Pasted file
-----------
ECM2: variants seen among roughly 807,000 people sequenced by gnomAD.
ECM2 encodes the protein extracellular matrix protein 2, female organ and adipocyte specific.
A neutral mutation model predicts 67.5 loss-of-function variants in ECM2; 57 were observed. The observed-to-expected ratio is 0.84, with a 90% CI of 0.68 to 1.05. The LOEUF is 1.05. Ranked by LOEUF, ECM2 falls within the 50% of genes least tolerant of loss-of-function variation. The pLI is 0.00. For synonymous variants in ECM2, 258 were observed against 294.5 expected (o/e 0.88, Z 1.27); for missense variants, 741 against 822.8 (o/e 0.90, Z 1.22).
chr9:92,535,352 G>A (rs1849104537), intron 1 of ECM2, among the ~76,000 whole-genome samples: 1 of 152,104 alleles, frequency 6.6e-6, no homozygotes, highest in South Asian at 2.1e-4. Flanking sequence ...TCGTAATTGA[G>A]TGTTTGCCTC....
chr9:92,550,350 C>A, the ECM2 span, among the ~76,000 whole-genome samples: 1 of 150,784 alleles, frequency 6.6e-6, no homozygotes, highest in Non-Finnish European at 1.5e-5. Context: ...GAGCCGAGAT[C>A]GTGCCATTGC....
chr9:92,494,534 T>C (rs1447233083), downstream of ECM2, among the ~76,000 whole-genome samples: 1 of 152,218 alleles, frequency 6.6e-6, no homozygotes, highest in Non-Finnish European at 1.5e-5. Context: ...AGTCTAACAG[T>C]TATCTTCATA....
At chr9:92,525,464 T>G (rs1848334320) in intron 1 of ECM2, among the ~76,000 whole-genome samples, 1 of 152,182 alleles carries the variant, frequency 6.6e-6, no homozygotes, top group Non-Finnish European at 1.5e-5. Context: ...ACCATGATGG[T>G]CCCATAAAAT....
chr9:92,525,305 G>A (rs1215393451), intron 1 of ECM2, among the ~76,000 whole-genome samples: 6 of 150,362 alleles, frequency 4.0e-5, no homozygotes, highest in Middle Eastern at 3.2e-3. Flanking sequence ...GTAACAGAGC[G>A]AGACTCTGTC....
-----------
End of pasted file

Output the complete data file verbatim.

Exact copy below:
ECM2: variants seen among roughly 807,000 people sequenced by gnomAD.
ECM2 encodes the protein extracellular matrix protein 2, female organ and adipocyte specific.
A neutral mutation model predicts 67.5 loss-of-function variants in ECM2; 57 were observed. The observed-to-expected ratio is 0.84, with a 90% CI of 0.68 to 1.05. The LOEUF is 1.05. Ranked by LOEUF, ECM2 falls within the 50% of genes least tolerant of loss-of-function variation. The pLI is 0.00. For synonymous variants in ECM2, 258 were observed against 294.5 expected (o/e 0.88, Z 1.27); for missense variants, 741 against 822.8 (o/e 0.90, Z 1.22).
chr9:92,535,352 G>A (rs1849104537), intron 1 of ECM2, among the ~76,000 whole-genome samples: 1 of 152,104 alleles, frequency 6.6e-6, no homozygotes, highest in South Asian at 2.1e-4. Flanking sequence ...TCGTAATTGA[G>A]TGTTTGCCTC....
chr9:92,550,350 C>A, the ECM2 span, among the ~76,000 whole-genome samples: 1 of 150,784 alleles, frequency 6.6e-6, no homozygotes, highest in Non-Finnish European at 1.5e-5. Context: ...GAGCCGAGAT[C>A]GTGCCATTGC....
chr9:92,494,534 T>C (rs1447233083), downstream of ECM2, among the ~76,000 whole-genome samples: 1 of 152,218 alleles, frequency 6.6e-6, no homozygotes, highest in Non-Finnish European at 1.5e-5. Context: ...AGTCTAACAG[T>C]TATCTTCATA....
At chr9:92,525,464 T>G (rs1848334320) in intron 1 of ECM2, among the ~76,000 whole-genome samples, 1 of 152,182 alleles carries the variant, frequency 6.6e-6, no homozygotes, top group Non-Finnish European at 1.5e-5. Context: ...ACCATGATGG[T>G]CCCATAAAAT....
chr9:92,525,305 G>A (rs1215393451), intron 1 of ECM2, among the ~76,000 whole-genome samples: 6 of 150,362 alleles, frequency 4.0e-5, no homozygotes, highest in Middle Eastern at 3.2e-3. Flanking sequence ...GTAACAGAGC[G>A]AGACTCTGTC....